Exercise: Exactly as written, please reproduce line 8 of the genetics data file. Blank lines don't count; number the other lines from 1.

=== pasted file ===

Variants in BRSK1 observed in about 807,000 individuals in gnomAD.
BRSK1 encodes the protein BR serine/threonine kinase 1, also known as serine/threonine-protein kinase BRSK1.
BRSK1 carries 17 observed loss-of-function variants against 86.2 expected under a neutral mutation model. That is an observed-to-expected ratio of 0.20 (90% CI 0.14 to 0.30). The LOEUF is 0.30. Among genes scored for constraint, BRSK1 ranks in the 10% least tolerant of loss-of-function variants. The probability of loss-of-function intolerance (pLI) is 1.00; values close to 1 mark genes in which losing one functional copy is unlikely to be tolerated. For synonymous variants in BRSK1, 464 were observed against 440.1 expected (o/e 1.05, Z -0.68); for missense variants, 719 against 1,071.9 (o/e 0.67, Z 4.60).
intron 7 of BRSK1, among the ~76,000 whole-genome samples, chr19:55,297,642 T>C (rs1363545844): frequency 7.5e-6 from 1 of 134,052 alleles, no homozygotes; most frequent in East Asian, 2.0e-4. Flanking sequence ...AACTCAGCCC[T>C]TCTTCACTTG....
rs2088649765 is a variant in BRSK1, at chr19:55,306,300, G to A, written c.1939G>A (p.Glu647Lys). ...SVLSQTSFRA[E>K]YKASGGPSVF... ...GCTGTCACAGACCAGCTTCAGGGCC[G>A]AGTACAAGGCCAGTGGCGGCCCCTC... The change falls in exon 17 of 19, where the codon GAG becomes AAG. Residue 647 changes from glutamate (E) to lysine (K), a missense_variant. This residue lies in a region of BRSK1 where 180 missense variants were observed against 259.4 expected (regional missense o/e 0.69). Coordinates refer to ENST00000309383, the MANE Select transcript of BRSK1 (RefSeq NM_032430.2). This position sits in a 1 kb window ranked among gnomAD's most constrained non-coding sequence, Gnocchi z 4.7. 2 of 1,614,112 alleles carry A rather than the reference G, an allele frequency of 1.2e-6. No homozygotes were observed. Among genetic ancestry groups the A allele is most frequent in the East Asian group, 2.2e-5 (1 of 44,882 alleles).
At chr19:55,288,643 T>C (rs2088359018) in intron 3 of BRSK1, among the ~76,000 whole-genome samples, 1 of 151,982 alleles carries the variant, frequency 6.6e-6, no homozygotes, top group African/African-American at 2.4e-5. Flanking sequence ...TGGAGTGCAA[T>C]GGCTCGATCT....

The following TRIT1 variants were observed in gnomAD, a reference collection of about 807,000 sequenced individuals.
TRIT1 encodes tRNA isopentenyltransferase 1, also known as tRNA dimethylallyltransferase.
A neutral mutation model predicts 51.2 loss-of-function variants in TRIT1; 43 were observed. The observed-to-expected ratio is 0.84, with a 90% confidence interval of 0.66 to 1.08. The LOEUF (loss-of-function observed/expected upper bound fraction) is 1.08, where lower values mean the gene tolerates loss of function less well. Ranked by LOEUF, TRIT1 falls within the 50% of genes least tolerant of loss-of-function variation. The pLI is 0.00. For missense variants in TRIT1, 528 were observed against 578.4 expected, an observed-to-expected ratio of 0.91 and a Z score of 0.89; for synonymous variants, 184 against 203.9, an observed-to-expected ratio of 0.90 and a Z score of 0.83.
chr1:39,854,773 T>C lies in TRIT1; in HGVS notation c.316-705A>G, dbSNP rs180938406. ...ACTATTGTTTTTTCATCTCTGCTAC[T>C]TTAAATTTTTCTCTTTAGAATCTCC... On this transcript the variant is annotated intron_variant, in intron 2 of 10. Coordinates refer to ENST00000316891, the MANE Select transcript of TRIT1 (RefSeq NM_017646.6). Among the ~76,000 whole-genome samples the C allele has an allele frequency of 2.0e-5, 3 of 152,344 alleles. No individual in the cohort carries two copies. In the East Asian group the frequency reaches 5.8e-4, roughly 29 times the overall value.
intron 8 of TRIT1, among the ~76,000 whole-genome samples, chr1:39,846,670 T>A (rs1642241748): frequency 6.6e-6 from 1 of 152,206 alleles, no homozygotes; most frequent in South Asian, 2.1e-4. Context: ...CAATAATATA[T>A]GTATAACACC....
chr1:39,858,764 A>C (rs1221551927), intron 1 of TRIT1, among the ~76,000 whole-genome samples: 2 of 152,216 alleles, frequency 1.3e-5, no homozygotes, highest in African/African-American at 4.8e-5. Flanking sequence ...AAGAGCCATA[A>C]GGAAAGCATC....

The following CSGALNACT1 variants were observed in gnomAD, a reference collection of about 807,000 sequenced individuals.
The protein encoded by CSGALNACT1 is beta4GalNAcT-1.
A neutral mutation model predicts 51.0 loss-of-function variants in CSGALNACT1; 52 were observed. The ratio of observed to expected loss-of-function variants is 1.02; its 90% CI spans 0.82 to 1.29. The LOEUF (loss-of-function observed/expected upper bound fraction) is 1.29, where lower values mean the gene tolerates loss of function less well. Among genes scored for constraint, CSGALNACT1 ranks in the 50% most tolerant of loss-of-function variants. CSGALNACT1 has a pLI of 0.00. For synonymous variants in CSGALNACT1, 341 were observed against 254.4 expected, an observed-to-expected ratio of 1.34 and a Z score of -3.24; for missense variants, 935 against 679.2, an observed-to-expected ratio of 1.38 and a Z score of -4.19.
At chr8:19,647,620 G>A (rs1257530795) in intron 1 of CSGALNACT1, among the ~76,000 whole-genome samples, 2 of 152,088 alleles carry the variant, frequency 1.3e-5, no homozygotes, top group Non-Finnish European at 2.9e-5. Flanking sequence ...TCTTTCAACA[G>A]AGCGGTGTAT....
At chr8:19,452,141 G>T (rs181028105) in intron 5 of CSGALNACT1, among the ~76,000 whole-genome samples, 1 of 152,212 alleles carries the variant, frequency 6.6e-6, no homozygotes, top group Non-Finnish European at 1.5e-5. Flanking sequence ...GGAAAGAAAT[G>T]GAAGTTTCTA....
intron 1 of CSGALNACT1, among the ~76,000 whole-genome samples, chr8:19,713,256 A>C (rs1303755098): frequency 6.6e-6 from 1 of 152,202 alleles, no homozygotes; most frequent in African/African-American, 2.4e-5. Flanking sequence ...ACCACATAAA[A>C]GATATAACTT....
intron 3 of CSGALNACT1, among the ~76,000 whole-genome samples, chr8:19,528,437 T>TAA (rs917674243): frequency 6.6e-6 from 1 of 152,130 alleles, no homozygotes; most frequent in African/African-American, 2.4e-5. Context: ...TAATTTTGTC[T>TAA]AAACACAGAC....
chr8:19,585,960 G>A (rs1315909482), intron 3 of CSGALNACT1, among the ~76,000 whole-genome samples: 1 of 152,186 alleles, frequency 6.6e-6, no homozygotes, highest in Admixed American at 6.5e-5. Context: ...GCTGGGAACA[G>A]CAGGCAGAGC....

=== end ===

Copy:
TRIT1 encodes tRNA isopentenyltransferase 1, also known as tRNA dimethylallyltransferase.